New data released Friday underscored how Hong Kong's continuing anti-government protests are affecting the city's tourism, hotel and retail sectors, adding to expectations that the economy is entering a recession.
The gloomiest figures emerged from retailers. Their total sales for July declined 11.4% from a year earlier to $34.4 billion, according to the Hong Kong Census and Statistics Department, expanding on a 6.7% drop in June.
"The business decline is more severe in August than July," said Annie Yau Tse, chairwoman of both the Hong Kong Retail Management Association and of the Tse Sui Luen Jewellery (International) chain, on Friday.
With tourist-focused retailers now seeing their sales cut in half, she said some are asking staff to take unpaid leave. She said landlords had so far largely ignored the association's call for a 50% break on the city's notoriously high rents for six months.
"Layoffs will be unavoidable if the protests persist for longer," she said.
The government this month trimmed its annual forecast for economic growth to a range of flat to 1% from 2% to 3% earlier and reported that output contracted 0.4% in the April-June quarter from the previous quarter. Given the gloom, many economists say the July-September quarter will be even worse. A second consecutive quarterly drop would technically mark the city's entry into recession.
Hong Kong ranked as the world's most visited city last year, according to research company Euromonitor, with 29.8 million international visitors.
"The protests have exacerbated a difficult economic situation," Kim Eng Tan, senior director for sovereign ratings at S&P Global Ratings, said in a research note on Friday. "Already weighed down by U.S.-China trade tensions and a slowing global economy, the (Hong Kong) SAR now has to contend with a sharp drop in inbound travel and weaker domestic consumer demand... The government could run its first consolidated deficit since fiscal 2003."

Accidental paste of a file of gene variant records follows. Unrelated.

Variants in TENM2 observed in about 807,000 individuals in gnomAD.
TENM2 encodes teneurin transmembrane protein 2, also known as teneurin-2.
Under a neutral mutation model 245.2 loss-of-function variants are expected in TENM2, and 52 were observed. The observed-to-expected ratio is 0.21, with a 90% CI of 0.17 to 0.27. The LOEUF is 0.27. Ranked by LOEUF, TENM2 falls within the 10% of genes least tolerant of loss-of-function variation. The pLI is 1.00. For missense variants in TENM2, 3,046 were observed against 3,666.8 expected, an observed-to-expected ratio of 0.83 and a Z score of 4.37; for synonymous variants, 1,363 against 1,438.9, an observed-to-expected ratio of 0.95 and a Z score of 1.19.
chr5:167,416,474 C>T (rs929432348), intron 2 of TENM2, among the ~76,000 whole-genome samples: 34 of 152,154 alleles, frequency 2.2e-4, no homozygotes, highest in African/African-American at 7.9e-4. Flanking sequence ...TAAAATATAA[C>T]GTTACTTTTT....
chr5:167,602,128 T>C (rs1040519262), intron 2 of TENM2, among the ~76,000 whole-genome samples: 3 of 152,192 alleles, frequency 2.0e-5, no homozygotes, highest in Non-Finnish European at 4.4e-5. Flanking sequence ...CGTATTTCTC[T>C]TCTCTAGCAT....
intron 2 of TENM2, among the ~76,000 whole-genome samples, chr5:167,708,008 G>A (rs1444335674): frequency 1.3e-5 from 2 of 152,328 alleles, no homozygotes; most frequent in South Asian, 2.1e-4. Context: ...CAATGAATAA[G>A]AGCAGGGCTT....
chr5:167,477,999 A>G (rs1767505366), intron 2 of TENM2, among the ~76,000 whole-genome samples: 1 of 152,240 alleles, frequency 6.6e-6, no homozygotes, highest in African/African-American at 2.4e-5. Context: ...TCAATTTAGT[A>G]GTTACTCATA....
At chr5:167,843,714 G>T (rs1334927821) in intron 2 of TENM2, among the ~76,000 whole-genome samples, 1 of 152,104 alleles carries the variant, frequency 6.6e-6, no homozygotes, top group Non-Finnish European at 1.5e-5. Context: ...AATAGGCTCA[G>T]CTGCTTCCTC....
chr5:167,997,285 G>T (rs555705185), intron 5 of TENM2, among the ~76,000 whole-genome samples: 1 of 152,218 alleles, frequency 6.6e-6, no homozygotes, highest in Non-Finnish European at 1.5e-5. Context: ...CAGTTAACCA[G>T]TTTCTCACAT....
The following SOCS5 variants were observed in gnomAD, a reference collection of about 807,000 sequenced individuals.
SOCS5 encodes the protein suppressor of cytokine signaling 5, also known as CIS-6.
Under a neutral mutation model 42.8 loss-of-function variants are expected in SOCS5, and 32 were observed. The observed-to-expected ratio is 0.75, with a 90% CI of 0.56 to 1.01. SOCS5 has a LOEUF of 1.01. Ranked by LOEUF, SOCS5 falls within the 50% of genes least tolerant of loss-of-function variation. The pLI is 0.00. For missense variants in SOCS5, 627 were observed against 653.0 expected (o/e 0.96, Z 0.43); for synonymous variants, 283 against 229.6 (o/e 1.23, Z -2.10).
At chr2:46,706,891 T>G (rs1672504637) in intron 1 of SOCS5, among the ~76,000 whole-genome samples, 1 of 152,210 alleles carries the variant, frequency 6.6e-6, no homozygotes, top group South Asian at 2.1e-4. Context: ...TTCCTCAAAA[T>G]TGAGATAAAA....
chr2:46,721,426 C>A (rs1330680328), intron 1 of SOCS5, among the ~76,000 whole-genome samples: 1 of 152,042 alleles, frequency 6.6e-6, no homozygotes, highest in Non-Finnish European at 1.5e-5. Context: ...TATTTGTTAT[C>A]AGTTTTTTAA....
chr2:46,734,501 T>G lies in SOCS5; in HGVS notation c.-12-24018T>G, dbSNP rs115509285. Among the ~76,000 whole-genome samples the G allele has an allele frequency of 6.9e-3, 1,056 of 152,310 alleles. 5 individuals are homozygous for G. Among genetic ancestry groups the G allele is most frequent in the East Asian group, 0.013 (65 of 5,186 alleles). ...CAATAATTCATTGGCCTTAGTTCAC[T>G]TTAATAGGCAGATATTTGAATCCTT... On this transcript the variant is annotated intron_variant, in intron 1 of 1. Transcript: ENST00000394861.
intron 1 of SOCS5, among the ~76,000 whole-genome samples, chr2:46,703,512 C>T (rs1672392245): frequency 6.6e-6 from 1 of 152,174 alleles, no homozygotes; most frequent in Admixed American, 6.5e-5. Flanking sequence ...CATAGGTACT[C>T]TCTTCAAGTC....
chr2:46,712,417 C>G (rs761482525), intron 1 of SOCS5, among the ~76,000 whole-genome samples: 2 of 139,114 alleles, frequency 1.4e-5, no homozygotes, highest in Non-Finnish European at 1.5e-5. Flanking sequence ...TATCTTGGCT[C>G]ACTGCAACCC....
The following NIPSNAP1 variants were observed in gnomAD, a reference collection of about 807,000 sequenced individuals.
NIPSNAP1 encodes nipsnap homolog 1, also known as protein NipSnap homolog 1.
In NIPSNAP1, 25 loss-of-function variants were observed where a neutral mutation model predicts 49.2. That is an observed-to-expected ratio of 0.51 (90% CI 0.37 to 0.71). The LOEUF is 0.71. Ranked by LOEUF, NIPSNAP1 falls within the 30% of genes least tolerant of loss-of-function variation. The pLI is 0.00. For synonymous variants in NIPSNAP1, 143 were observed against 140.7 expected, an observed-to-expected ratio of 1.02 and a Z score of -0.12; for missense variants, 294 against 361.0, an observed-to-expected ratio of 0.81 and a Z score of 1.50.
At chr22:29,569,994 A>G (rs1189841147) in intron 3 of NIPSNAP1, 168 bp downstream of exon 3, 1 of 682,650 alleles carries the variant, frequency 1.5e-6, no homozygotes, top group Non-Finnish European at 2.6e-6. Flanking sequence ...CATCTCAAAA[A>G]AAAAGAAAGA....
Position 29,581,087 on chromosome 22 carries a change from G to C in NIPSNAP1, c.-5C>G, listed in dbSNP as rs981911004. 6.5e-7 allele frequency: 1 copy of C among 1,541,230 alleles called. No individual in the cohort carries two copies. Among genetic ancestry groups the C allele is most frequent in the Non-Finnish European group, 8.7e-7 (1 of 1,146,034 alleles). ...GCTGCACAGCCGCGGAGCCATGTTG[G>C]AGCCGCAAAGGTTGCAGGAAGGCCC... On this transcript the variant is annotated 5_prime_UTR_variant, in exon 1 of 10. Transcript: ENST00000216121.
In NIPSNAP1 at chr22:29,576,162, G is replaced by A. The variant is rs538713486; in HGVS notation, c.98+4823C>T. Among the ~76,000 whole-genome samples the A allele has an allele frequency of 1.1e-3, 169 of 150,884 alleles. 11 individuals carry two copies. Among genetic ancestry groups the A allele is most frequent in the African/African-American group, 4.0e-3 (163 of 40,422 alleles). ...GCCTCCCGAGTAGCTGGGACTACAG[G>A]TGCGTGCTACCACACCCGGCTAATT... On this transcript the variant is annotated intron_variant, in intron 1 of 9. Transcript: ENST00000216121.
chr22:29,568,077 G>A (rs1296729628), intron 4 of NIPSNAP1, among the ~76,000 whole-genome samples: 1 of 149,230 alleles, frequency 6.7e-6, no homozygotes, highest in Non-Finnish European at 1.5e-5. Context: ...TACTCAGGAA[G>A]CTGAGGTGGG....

Government officials have strained to offer the message abroad that violent clashes between police and protesters affect limited areas of town, reiterating, "Hong Kong remains a welcoming city for tourists and investors, a safe place for travelers from around the world." Yet more than 30 foreign governments have issued advisories to their citizens warning of potential dangers.
Monthly visitor arrivals declined in July for the first time this year, dropping 4.8% from a year earlier to 5.2 million. Arrivals from mainland China, the city's top visitor market, accounted for more than 90% of the decline. Hong Kong Commerce Minister Edward Yau said last week that arrivals for the Aug. 15-20 period halved from a year earlier after dropping 30% for the first 10 days of the month.
Some mainlanders have been put off by the unrest, which has sometimes been directed at symbols of official Chinese authority. According to some local news reports, regional officials in China have also tightened issuance of permits to visit Hong Kong in recent weeks, in part to shield their constituents from the sight of citizens standing up to authority.